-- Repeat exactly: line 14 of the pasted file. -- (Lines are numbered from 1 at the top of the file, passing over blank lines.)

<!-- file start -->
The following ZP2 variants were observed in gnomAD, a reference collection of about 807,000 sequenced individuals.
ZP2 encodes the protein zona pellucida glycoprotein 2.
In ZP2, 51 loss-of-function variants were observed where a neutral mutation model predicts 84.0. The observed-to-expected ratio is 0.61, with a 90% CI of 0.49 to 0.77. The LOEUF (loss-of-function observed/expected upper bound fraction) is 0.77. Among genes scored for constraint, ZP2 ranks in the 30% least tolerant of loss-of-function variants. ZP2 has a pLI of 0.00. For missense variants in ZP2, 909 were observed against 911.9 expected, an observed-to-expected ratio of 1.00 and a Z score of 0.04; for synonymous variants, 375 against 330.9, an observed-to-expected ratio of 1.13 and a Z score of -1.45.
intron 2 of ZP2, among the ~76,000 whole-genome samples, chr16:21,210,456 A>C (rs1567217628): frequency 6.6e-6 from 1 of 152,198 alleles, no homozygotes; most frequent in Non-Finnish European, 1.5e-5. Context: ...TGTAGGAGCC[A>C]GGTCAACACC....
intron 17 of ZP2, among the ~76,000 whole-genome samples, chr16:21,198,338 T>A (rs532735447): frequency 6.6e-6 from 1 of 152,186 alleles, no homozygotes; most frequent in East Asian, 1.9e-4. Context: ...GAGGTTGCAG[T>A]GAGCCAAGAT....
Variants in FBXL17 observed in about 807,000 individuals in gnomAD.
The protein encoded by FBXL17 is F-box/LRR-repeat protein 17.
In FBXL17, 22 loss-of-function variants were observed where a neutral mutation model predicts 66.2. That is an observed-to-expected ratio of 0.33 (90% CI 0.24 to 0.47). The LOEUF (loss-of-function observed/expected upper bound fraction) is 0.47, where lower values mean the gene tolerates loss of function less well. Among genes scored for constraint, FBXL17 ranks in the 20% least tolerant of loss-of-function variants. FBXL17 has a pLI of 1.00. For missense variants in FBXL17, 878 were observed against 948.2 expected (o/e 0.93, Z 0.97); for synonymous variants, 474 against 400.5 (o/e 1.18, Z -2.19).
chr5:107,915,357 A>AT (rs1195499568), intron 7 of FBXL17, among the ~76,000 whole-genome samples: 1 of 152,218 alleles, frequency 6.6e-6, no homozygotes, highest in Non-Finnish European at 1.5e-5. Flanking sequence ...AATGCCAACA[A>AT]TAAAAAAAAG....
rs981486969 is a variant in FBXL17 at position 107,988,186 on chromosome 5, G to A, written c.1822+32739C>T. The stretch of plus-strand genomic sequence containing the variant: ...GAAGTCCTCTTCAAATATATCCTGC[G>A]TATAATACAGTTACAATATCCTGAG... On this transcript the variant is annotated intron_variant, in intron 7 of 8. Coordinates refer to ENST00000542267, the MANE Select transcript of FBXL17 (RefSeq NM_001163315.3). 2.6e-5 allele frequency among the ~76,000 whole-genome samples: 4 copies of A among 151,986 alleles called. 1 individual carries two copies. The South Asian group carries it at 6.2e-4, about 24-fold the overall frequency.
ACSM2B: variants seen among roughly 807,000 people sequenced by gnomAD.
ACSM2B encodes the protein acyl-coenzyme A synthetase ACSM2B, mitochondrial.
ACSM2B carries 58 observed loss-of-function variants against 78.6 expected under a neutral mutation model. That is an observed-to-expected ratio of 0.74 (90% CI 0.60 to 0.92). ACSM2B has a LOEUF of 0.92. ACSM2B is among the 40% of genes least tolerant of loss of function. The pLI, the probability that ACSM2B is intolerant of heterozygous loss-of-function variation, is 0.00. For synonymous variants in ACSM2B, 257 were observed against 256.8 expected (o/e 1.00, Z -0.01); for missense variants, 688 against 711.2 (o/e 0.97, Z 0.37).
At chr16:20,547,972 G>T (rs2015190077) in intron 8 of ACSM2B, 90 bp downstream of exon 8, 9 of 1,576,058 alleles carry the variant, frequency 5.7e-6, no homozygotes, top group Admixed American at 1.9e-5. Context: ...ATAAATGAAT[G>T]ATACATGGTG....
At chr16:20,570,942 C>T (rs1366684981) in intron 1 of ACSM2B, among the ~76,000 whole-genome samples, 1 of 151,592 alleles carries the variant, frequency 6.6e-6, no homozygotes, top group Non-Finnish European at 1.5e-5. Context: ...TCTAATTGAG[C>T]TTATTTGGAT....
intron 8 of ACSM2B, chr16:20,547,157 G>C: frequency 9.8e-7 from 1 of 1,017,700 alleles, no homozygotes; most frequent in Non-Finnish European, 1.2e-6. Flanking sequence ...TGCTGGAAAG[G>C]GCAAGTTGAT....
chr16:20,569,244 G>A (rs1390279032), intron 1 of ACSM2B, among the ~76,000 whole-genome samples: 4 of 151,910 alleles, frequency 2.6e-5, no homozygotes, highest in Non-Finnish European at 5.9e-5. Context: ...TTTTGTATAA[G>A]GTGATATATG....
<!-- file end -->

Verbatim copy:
At chr16:20,547,972 G>T (rs2015190077) in intron 8 of ACSM2B, 90 bp downstream of exon 8, 9 of 1,576,058 alleles carry the variant, frequency 5.7e-6, no homozygotes, top group Admixed American at 1.9e-5. Context: ...ATAAATGAAT[G>T]ATACATGGTG....